Measuring and Counting with a Light Microscope
Counting Chamber (Hemacytometer)
A counting chamber is a specialized microscope slide with an etched surface in the form of a grid, along with supports for a cover slip, so that the space between the grid and the bottom of the cover slip is precisely calibrated. Cover slips for counting chambers are specially made and are thicker than those for conventional microscopy, since they must be heavy enough to overcome the surface tension of a drop of liquid. Counting chambers are used for determining the number of cells per unit volume.
One type of counting chamber is called a hemacytometer because it was designed for counting the formed elements (red cells, white cells, and/or platelets) in blood samples. A clean 0.4 mm thick coverslip is placed over the clean grid and a suspension is introduced into one of the V-shaped wells with a Pasteur or other type of pipet. The area under the cover slip fills by capillary action. Enough liquid should be introduced so that the mirrored surface is just covered. Overfilling can "float" the cover slip, leading to an inaccurate count. The charged counting chamber is then placed on the microscope stage and the counting grid is brought into focus at low power. It is essential to be extremely careful with higher power objectives, since the counting chamber is much thicker than a conventional slide.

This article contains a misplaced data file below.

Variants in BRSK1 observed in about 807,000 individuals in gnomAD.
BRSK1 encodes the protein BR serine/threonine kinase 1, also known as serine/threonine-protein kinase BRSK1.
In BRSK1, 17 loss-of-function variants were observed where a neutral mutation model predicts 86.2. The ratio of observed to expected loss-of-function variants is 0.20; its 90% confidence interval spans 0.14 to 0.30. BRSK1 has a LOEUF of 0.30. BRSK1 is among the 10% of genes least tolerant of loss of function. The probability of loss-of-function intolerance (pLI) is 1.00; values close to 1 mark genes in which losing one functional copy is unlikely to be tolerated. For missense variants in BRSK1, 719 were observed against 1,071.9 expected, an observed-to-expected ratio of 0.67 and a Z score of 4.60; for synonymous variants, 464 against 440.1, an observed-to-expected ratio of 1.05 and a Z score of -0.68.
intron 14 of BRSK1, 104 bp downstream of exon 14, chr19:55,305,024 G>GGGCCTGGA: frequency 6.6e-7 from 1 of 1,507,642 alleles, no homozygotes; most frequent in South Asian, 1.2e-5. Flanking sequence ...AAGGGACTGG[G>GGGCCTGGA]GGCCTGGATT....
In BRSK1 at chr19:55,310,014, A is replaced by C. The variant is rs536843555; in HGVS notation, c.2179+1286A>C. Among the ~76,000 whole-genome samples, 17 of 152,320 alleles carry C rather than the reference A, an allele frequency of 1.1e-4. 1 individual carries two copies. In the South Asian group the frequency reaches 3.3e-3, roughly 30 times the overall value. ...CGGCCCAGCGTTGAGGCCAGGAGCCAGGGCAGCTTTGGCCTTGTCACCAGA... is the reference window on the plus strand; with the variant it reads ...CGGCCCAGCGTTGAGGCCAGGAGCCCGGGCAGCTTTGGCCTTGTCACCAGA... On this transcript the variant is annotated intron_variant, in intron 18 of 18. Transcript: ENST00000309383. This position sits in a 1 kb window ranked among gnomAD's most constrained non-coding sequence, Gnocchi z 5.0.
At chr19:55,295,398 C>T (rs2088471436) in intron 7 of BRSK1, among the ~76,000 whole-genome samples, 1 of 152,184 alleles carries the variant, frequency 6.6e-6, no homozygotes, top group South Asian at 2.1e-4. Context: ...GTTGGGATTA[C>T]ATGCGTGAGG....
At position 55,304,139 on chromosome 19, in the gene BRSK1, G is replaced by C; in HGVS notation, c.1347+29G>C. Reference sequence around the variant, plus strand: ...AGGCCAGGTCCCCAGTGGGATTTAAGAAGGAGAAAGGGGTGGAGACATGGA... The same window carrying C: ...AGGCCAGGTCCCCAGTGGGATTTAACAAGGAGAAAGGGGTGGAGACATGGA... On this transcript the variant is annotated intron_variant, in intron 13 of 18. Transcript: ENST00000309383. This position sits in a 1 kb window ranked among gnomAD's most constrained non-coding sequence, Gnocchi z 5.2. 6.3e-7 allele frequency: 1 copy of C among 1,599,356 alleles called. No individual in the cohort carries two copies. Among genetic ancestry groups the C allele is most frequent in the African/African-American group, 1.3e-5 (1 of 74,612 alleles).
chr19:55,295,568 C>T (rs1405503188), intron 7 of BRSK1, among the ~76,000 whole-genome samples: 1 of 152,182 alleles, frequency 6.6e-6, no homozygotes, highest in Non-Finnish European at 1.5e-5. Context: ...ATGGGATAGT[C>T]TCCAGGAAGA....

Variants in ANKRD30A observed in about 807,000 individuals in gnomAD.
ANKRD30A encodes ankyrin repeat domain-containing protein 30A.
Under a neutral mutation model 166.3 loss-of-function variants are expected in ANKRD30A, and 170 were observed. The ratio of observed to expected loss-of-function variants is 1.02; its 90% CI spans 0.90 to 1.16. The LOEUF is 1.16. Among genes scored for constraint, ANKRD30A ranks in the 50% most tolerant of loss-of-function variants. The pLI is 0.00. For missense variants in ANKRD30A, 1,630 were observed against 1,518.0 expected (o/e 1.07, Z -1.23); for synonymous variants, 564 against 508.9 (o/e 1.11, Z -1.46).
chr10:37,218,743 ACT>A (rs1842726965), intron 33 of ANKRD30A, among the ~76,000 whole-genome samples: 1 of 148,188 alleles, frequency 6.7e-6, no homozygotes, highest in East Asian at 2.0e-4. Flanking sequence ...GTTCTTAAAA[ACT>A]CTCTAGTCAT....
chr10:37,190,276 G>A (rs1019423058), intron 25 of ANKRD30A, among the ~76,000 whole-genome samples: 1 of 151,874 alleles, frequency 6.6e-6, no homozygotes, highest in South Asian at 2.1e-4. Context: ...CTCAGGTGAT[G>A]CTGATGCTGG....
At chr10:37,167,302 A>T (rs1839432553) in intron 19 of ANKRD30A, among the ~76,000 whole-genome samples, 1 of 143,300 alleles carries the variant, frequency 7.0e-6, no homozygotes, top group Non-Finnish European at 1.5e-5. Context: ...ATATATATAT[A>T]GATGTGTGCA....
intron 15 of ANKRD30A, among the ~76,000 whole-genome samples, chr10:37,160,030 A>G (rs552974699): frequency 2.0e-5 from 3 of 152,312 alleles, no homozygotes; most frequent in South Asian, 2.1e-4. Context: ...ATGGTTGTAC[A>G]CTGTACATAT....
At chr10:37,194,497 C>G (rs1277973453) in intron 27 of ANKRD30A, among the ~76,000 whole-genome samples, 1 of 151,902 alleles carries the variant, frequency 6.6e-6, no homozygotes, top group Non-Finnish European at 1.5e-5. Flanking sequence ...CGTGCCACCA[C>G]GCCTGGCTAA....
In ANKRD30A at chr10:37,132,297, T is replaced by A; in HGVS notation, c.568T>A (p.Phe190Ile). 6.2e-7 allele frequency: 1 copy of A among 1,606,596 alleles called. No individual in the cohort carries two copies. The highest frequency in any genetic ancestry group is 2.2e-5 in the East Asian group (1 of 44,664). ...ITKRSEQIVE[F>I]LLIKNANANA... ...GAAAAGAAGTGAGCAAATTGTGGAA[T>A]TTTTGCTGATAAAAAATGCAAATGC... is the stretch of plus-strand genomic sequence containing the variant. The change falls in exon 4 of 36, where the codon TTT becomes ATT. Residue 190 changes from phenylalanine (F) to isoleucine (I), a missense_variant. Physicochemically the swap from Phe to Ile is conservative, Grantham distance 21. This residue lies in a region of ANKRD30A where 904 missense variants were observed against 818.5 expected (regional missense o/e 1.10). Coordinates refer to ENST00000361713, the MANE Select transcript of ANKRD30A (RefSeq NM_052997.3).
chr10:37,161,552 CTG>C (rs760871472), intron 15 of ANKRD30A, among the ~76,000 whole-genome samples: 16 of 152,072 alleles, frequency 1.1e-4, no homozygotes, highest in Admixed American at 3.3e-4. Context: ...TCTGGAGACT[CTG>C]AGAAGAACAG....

- Alberts, B., et al. (2002). Molecular Biology of the Cell (4th ed.). New York: Garland Science.
- Caprette, D. (1995). Light Microscopy. Retrieved 8-22-2006 from http://www.ruf.rice.edu/~bioslabs/methods/microscopy/microscopy.html
- Lodish, H., et al. (2000). Molecular Cell Biology (4th ed.). New York: W.H. Freeman and Co.
- Wolfe, S.L. (1993). Molecular and Cellular Biology. Belmont, CA: Wadsworth Publishing Company.
- Caprette, D. (2006). Using a hemacytometer.
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